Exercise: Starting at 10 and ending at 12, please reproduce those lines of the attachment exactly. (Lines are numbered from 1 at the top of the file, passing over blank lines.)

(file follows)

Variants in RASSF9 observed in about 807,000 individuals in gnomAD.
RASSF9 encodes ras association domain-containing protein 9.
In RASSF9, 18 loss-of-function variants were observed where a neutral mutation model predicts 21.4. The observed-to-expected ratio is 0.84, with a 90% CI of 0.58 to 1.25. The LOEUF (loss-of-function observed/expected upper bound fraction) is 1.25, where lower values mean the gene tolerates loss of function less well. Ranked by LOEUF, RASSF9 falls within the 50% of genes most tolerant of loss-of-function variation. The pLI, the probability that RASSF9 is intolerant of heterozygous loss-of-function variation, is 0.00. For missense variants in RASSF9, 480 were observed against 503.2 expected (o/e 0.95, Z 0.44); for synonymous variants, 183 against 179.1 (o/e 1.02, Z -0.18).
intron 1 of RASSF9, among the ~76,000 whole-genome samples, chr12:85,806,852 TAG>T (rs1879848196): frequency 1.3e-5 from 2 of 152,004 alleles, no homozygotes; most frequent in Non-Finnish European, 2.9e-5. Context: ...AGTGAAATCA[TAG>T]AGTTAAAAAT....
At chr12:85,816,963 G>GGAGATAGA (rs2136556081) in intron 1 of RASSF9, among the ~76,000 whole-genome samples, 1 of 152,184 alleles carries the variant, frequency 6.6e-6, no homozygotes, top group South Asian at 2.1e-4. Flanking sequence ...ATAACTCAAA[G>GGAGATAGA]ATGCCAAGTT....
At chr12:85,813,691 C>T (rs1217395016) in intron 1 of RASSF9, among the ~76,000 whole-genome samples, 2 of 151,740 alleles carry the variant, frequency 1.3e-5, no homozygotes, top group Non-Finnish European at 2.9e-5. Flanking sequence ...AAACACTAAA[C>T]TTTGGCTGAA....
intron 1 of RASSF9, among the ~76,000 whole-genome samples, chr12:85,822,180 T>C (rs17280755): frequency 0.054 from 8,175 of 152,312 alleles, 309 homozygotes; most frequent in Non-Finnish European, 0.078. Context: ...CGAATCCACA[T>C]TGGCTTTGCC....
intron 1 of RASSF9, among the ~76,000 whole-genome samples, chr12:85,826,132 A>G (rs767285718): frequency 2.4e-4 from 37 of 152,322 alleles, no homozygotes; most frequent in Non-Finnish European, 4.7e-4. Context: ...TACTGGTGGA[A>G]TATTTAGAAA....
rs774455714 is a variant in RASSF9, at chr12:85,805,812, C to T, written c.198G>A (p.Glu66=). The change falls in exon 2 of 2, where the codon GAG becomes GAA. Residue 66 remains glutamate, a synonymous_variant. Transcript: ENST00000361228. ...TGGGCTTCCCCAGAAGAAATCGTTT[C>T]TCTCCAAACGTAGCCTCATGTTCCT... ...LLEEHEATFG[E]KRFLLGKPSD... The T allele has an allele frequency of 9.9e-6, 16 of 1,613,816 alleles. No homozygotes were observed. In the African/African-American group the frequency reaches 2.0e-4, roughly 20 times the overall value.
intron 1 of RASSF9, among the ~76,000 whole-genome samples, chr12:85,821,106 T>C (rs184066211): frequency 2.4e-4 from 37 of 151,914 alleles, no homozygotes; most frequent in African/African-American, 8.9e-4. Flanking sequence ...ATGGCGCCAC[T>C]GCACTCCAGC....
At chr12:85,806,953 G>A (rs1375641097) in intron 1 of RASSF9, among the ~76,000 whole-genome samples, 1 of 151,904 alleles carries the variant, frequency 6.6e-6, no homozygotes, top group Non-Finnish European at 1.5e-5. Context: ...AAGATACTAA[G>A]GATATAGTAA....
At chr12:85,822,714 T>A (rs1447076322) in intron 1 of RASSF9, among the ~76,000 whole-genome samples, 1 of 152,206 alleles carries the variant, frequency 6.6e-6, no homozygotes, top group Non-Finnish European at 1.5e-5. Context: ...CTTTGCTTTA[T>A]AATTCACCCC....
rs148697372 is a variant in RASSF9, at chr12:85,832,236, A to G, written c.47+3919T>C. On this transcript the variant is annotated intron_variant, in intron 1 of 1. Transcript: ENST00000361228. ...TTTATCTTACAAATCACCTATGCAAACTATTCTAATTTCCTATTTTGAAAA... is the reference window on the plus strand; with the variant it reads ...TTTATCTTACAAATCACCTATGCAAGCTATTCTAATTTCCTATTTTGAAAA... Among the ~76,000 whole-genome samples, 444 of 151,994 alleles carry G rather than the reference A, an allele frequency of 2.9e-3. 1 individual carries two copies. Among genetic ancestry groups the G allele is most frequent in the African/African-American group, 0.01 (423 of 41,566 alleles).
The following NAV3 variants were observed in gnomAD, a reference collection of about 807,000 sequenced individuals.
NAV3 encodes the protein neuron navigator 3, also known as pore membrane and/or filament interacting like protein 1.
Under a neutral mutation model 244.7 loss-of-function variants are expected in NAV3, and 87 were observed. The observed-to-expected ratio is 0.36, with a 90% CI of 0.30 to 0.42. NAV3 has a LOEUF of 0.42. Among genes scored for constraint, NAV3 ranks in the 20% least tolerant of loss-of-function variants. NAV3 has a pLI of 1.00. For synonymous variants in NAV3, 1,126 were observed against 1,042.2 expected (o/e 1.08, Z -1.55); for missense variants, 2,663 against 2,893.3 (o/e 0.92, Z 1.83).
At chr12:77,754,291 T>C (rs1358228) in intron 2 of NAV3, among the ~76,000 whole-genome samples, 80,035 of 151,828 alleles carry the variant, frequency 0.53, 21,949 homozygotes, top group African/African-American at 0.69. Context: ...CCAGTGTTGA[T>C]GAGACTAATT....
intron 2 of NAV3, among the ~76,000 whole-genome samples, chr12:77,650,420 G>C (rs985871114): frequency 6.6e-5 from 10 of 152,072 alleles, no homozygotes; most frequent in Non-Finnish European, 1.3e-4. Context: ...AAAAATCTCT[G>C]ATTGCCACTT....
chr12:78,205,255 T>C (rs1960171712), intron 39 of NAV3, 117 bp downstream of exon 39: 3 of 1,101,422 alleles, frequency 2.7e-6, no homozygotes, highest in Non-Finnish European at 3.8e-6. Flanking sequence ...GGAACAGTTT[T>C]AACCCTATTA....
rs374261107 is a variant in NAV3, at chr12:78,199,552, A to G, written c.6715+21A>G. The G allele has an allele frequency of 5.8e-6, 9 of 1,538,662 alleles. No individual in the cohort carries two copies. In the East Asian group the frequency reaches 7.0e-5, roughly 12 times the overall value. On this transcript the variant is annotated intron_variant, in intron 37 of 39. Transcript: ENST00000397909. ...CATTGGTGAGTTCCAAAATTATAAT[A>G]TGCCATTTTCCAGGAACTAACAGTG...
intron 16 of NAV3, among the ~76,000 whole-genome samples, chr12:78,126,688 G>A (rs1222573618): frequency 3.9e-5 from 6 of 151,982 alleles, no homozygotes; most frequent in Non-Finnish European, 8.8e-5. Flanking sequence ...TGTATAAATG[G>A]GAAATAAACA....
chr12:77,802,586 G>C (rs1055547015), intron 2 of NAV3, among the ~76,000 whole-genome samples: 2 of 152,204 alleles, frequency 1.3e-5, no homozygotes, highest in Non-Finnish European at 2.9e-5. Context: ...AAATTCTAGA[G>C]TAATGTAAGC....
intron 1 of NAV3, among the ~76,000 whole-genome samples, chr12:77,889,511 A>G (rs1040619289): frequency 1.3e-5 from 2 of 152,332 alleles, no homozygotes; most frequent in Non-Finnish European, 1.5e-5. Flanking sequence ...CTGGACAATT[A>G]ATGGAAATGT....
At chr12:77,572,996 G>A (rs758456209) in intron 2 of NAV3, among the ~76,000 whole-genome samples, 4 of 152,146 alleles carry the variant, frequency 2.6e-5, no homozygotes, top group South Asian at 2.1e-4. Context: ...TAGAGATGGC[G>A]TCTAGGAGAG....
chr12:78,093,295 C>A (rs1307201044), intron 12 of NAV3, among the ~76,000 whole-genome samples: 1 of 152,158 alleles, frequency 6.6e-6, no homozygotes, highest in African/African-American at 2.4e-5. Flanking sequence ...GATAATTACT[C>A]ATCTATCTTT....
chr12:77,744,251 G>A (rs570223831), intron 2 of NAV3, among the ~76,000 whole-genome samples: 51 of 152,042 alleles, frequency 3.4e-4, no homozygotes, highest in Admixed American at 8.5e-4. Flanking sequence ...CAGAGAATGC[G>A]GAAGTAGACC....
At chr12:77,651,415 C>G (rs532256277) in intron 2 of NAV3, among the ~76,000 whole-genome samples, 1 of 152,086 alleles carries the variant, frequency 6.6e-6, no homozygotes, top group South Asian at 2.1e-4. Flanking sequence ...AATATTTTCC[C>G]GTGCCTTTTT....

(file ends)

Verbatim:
intron 1 of RASSF9, among the ~76,000 whole-genome samples, chr12:85,821,106 T>C (rs184066211): frequency 2.4e-4 from 37 of 151,914 alleles, no homozygotes; most frequent in African/African-American, 8.9e-4. Flanking sequence ...ATGGCGCCAC[T>C]GCACTCCAGC....
At chr12:85,806,953 G>A (rs1375641097) in intron 1 of RASSF9, among the ~76,000 whole-genome samples, 1 of 151,904 alleles carries the variant, frequency 6.6e-6, no homozygotes, top group Non-Finnish European at 1.5e-5. Context: ...AAGATACTAA[G>A]GATATAGTAA....
At chr12:85,822,714 T>A (rs1447076322) in intron 1 of RASSF9, among the ~76,000 whole-genome samples, 1 of 152,206 alleles carries the variant, frequency 6.6e-6, no homozygotes, top group Non-Finnish European at 1.5e-5. Context: ...CTTTGCTTTA[T>A]AATTCACCCC....